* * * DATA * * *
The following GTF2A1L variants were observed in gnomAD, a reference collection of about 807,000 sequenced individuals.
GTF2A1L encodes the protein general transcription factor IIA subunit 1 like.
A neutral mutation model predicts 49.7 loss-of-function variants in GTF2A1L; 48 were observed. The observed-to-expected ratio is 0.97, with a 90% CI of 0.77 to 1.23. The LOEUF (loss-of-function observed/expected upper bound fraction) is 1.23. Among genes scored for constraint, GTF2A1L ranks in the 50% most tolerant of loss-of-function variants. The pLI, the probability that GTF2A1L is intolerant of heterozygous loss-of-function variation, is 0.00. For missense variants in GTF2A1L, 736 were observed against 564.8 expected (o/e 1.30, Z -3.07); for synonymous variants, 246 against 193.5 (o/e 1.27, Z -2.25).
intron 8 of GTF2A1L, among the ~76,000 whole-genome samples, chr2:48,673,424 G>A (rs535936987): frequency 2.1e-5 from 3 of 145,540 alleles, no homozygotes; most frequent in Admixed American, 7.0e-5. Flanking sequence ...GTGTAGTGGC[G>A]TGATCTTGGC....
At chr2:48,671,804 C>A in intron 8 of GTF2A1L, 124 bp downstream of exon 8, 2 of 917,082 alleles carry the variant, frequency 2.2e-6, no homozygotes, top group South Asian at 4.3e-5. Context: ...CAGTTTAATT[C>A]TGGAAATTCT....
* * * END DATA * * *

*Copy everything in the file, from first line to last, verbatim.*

The following GTF2A1L variants were observed in gnomAD, a reference collection of about 807,000 sequenced individuals.
GTF2A1L encodes the protein general transcription factor IIA subunit 1 like.
A neutral mutation model predicts 49.7 loss-of-function variants in GTF2A1L; 48 were observed. The observed-to-expected ratio is 0.97, with a 90% CI of 0.77 to 1.23. The LOEUF (loss-of-function observed/expected upper bound fraction) is 1.23. Among genes scored for constraint, GTF2A1L ranks in the 50% most tolerant of loss-of-function variants. The pLI, the probability that GTF2A1L is intolerant of heterozygous loss-of-function variation, is 0.00. For missense variants in GTF2A1L, 736 were observed against 564.8 expected (o/e 1.30, Z -3.07); for synonymous variants, 246 against 193.5 (o/e 1.27, Z -2.25).
intron 8 of GTF2A1L, among the ~76,000 whole-genome samples, chr2:48,673,424 G>A (rs535936987): frequency 2.1e-5 from 3 of 145,540 alleles, no homozygotes; most frequent in Admixed American, 7.0e-5. Flanking sequence ...GTGTAGTGGC[G>A]TGATCTTGGC....
At chr2:48,671,804 C>A in intron 8 of GTF2A1L, 124 bp downstream of exon 8, 2 of 917,082 alleles carry the variant, frequency 2.2e-6, no homozygotes, top group South Asian at 4.3e-5. Context: ...CAGTTTAATT[C>A]TGGAAATTCT....